Cell Biology

Mitochondrial Signals for the Nucleus

Science's STKE  03 Jul 2006:
Vol. 2006, Issue 342, pp. tw221
DOI: 10.1126/stke.3422006tw221

What's a transcription factor of the basic helix-loop-helix leucine zipper family doing in the cytoplasm? Sans et al. explored why nearly all of the transcription factor MondoA and its binding partner protein called Mlx is found in the cytoplasm but the protein appears to function as a transcription factor in the nucleus. The authors found that in primary cultures of human muscle or erythroblast cells, MondoA and Mlx were associated with the mitochondria. Inhibition of nuclear shuttling of the proteins with an inhibitor of the CRM1 nuclear export factor caused MondoA (detected by confocal immunofluorescence microscopy) to accumulate in the nucleus. Thus, the authors suspected that MondoA could function to carry signals from the mitochondria to the nucleus. They obtained further circumstantial evidence for such a role from microarray experiments designed to detect genes transcribed in response to MondoA and Mlx. MondoA-Mlx regulated a broad range of targets, which included many genes associated with carbohydrate metabolism. Chromatin immunoprecipitation experiments showed that hexokinase II, 6-phospofructo-2-kinase/fructose-2,6-bisphosphatase 3, and lactate dehydrogenase A--three enzymes important for glycolysis--are direct targets for MondoA-Mlx. Indeed, depletion of MondoA by RNA interference caused a decrease in the rate of glycolysis (measured as the rate of conversion of 5-[3H]glucose to 3H2O). Thus, although other functions are not excluded, the authors propose that MondoA may function as an intracellular metabolic sensor.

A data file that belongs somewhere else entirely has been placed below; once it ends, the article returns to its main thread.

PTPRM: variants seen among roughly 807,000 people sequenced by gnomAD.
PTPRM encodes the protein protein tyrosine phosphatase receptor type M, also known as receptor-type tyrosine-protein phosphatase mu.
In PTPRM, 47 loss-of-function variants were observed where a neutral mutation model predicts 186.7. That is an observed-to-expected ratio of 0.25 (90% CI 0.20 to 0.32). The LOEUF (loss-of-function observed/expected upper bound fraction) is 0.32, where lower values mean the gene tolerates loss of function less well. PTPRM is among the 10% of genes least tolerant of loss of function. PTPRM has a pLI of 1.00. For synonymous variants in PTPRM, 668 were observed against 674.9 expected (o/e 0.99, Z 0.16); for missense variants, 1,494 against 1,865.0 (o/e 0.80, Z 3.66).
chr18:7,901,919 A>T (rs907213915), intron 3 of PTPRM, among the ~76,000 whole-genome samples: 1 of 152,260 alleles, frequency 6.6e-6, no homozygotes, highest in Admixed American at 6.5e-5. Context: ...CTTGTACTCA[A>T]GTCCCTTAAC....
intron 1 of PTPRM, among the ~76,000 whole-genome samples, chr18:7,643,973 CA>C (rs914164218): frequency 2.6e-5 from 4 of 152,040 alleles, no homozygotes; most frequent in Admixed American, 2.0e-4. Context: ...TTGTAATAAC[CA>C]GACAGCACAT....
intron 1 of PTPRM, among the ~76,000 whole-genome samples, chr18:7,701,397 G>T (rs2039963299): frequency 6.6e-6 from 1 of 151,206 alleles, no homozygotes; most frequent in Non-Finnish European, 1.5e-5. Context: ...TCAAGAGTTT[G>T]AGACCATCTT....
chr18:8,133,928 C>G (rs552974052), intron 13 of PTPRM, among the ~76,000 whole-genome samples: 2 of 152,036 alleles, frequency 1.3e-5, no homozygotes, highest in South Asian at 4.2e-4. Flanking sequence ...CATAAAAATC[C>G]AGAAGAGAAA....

C. L. Sans, D. J. Satterwhite, C. A. Stoltzman, K. T. Breen, D. E. Ayer, MondoA-Mlx heterodimers are candidate sensors of cellular energy status: Mitochondrial localization and direct regulation of glycolysis. Mol. Cell. Biol. 26, 4863-4871 (2006). [Abstract] [Full Text]